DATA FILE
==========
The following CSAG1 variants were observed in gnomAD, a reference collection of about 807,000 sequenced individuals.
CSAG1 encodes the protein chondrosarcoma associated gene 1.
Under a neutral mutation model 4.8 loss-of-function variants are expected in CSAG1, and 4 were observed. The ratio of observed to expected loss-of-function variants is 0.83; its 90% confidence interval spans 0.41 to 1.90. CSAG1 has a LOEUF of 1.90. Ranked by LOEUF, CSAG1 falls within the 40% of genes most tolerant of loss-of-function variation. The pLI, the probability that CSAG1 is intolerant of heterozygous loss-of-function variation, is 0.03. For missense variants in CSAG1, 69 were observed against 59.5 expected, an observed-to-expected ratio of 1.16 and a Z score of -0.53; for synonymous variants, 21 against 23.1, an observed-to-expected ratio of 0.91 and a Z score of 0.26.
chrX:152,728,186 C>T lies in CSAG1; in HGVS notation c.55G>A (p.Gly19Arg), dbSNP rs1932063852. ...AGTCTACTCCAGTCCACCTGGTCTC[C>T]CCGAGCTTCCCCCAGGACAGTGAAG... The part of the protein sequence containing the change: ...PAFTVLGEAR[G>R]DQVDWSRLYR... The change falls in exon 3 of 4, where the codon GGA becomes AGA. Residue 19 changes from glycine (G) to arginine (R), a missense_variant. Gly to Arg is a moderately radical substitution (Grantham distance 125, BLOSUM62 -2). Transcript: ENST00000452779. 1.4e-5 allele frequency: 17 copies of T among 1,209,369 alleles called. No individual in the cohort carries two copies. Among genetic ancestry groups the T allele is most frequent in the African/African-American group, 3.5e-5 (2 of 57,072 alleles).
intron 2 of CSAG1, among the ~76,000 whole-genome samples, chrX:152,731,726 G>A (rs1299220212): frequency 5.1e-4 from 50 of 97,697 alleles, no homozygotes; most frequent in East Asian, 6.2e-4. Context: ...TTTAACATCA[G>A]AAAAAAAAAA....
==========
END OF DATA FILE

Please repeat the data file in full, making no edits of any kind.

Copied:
The following CSAG1 variants were observed in gnomAD, a reference collection of about 807,000 sequenced individuals.
CSAG1 encodes the protein chondrosarcoma associated gene 1.
Under a neutral mutation model 4.8 loss-of-function variants are expected in CSAG1, and 4 were observed. The ratio of observed to expected loss-of-function variants is 0.83; its 90% confidence interval spans 0.41 to 1.90. CSAG1 has a LOEUF of 1.90. Ranked by LOEUF, CSAG1 falls within the 40% of genes most tolerant of loss-of-function variation. The pLI, the probability that CSAG1 is intolerant of heterozygous loss-of-function variation, is 0.03. For missense variants in CSAG1, 69 were observed against 59.5 expected, an observed-to-expected ratio of 1.16 and a Z score of -0.53; for synonymous variants, 21 against 23.1, an observed-to-expected ratio of 0.91 and a Z score of 0.26.
chrX:152,728,186 C>T lies in CSAG1; in HGVS notation c.55G>A (p.Gly19Arg), dbSNP rs1932063852. ...AGTCTACTCCAGTCCACCTGGTCTC[C>T]CCGAGCTTCCCCCAGGACAGTGAAG... The part of the protein sequence containing the change: ...PAFTVLGEAR[G>R]DQVDWSRLYR... The change falls in exon 3 of 4, where the codon GGA becomes AGA. Residue 19 changes from glycine (G) to arginine (R), a missense_variant. Gly to Arg is a moderately radical substitution (Grantham distance 125, BLOSUM62 -2). Transcript: ENST00000452779. 1.4e-5 allele frequency: 17 copies of T among 1,209,369 alleles called. No individual in the cohort carries two copies. Among genetic ancestry groups the T allele is most frequent in the African/African-American group, 3.5e-5 (2 of 57,072 alleles).
intron 2 of CSAG1, among the ~76,000 whole-genome samples, chrX:152,731,726 G>A (rs1299220212): frequency 5.1e-4 from 50 of 97,697 alleles, no homozygotes; most frequent in East Asian, 6.2e-4. Context: ...TTTAACATCA[G>A]AAAAAAAAAA....